'Internet of Things (IoT)' is the future
Projections for the impact of IoT on the Internet and economy are impressive, with some anticipating as many as 100 billion connected IoT devices and a global economic impact of more than $11 trillion by 2025.
In such a world of interconnectivity, one can imagine the volume and quantum of information flowing around and how vulnerable will be the systems due to unauthorized access posing challenge on the integrity of information, its misuse, bringing down mission critical services e.g. power grids, transport systems, life saving medical information services, infrastructure facilities, and it goes on, unless such IT landscape is adequately protected.
While rapid technological developments have provided vast areas of new opportunity and potential sources of efficiency for organizations of all sizes, these new technologies have also brought unprecedented threats with them. Cyber security – defined as the protection of systems, networks and data in cyberspace – is a critical issue for all businesses. Cyber security will only become more important as more devices, ‘the internet of things’, become connected to the internet.
The cyber risks can be broadly divided into three distinct areas:
• Cyber crime: Conducted by individuals working alone, or in organized groups, with the intent of extracting money, data or causing disruption.
• Cyber war: A nation, state conducting sabotage and espionage against another nation in order to cause disruption or to extract data.
• Cyber terror: An organization, working independently of a nation state, conducting terrorist activities through the medium of cyberspace.
Organizations that have to consider measures against cyber war or cyber terror include governments, those within the critical national infrastructure, and very high-profile institutions. It is unlikely that most organizations will face the threat of cyber war or cyber terror.
Cyber criminals operate remotely, in what is called ‘automation at a distance’, using numerous means of attack available, which broadly fall under the umbrella term of malware (malicious software). These include:
Aim: Gain access to, steal, modify and/or corrupt information and files from a targeted computer system.
Technique: A small piece of software program that can replicate itself and spread from one computer to another by attaching itself to another computer file.
Aim: By exploiting weaknesses in operating systems, worms seek to damage networks and often deliver payloads which allow remote control of the infected computer.
Technique: Worms are self-replicating and do not require a program to attach themselves to. Worms continually look for vulnerabilities and report back to the worm author when weaknesses are discovered.
Aim: To take control of your computer and/or to collect personal information without your knowledge.
Technique: By opening attachments, clicking links or downloading infected software, spyware/adware is installed on your computer.
Aim: To create a ‘backdoor’ on your computer by which information can be stolen and damage caused.
Technique: A software program appears to perform one function (for example, virus removal) but actually acts as something else.
There are also a number of attack vectors available to cyber criminals which allows them to infect computers with malware or to harvest stolen data:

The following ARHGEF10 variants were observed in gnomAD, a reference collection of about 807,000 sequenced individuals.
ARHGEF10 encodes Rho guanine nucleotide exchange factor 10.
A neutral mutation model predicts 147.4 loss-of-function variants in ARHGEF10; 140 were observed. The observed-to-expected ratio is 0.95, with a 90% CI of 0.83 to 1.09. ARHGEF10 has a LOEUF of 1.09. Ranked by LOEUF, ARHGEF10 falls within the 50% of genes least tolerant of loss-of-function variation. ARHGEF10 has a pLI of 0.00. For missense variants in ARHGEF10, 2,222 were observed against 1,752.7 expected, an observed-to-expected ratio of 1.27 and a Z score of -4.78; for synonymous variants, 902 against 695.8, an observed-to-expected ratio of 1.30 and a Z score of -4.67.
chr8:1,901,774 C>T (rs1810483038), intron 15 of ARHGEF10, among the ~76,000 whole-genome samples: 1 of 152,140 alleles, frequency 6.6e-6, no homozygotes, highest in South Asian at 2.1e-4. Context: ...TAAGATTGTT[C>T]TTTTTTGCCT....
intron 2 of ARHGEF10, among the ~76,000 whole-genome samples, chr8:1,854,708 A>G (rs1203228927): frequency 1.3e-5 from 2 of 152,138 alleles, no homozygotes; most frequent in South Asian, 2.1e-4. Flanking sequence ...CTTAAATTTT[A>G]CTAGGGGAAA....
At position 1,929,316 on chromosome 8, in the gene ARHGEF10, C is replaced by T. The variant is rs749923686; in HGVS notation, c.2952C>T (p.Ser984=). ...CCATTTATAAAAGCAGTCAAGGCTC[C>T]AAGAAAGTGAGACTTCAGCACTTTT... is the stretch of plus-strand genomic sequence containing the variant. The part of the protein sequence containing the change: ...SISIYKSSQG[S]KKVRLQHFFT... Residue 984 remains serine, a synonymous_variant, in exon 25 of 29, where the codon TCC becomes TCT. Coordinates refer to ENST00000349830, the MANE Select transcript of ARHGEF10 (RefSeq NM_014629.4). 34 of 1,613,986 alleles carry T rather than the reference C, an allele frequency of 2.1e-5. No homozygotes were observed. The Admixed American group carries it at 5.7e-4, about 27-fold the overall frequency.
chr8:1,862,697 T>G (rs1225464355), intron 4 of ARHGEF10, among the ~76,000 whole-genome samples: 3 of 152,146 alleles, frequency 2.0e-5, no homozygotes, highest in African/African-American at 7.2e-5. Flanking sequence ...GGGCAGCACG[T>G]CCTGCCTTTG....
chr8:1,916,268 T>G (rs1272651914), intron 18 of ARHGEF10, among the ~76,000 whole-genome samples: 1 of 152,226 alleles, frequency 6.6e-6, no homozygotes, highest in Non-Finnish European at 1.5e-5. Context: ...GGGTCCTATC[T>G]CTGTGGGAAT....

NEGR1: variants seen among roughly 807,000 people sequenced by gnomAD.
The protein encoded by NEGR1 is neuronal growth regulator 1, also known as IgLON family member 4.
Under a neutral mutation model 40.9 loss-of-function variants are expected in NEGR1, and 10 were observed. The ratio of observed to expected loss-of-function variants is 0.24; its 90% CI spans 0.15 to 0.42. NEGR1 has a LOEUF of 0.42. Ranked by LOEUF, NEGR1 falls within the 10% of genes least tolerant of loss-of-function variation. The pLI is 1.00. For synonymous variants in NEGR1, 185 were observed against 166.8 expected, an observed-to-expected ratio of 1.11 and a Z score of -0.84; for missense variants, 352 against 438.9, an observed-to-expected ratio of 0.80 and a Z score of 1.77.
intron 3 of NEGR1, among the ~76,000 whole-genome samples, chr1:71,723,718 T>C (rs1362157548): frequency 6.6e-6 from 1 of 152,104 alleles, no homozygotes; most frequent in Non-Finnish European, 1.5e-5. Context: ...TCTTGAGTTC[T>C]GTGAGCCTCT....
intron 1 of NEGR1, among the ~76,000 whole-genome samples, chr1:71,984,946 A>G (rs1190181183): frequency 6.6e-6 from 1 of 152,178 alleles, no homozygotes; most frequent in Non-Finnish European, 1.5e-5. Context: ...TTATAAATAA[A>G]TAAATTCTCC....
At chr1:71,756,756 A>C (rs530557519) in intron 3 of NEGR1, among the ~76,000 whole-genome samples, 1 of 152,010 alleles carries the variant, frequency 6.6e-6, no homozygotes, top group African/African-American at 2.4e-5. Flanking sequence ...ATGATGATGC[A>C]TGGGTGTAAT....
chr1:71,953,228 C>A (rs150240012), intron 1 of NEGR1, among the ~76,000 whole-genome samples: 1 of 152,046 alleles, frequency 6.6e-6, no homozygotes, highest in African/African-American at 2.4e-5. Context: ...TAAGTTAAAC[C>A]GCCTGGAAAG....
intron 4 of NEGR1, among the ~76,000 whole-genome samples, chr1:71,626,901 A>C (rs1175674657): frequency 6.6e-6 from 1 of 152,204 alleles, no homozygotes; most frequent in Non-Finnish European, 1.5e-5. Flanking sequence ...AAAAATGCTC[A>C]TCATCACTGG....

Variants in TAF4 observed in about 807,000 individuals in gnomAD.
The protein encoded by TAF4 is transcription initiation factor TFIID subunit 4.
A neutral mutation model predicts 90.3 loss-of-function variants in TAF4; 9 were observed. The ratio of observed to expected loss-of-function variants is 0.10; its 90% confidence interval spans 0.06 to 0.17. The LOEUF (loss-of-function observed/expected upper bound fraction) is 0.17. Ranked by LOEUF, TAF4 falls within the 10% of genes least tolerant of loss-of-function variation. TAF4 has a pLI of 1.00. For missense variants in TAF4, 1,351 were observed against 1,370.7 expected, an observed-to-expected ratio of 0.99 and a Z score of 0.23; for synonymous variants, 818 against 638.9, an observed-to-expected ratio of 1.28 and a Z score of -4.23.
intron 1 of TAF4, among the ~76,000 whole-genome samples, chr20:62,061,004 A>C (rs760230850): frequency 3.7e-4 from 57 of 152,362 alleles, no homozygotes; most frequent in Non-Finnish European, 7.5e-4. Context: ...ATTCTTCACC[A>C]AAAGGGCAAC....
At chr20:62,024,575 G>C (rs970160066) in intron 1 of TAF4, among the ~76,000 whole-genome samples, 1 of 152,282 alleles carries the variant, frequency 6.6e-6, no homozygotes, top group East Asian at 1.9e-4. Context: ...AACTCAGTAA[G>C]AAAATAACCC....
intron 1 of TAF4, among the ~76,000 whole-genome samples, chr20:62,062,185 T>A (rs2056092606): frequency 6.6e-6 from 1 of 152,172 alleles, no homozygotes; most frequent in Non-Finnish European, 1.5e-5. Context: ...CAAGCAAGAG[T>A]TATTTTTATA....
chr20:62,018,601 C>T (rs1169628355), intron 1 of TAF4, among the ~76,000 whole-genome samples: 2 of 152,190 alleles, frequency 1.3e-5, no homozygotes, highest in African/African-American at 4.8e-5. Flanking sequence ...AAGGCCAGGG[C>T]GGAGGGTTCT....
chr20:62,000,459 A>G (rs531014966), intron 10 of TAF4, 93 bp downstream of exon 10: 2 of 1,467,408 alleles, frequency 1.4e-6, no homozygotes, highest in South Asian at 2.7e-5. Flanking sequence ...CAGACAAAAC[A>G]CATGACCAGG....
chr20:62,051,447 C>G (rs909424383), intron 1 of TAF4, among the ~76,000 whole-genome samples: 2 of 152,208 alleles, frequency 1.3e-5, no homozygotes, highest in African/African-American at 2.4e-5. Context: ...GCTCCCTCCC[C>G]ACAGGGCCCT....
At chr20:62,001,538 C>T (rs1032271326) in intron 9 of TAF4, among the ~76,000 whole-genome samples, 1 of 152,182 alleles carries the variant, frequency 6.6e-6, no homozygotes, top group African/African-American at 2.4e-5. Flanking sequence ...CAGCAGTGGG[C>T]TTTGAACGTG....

An attempt to acquire users’ information by masquerading as a legitimate entity. Examples include spoof emails and websites.
An attack to redirect a website’s traffic to a different, fake website, where the individuals’ information is then compromised.
Opportunistic attacks against specific weaknesses within a system.
‘Man in the middle attack’ where a middleman impersonates each endpoint and is thus able to manipulate both victims.
• Social engineering
Exploiting the weakness of the individual by making them click malicious links, or by physically gaining access to a computer through deception. Pharming and phishing are examples of social engineering.
Cyber security for organizations
An effective cyber security posture should be proportional to the risks faced by each organization, and should be based on the results of a risk assessment. It is more commonly termed as risk-based approach.
A simple thumb rule to this risk-based approach is: Never attempt to protect all information you have. Classify and identify critical information, perform protection requirement analysis, define protection concepts, implement the protection concepts and review & monitor them periodically with the changing cyber risk environment applicable to the sector your organization belongs to.
All organizations face one of two types of cyber attack:
1. They will be deliberately attacked because they have a high profile and appear to have valuable data (or there is some other publicity benefit in a successful attack).
2. The attack will be opportunistic, because an automated scan detects the existence of exploitable vulnerabilities. Virtually every Internet-facing entity, unless it has been specifically tested and secured, will have exploitable vulnerabilities.
Cyber Security has become one of the most critical topics and contenders for discussion & decision making at the Board level across corporate sectors, government departments and institutions all over the world. Cyber security measures can never be considered as impenetrable, permanently remediated and closed. It’s a never ending journey on which the IT & InfoSec Industry has embarked up on to come out as the winner over the wrong doers.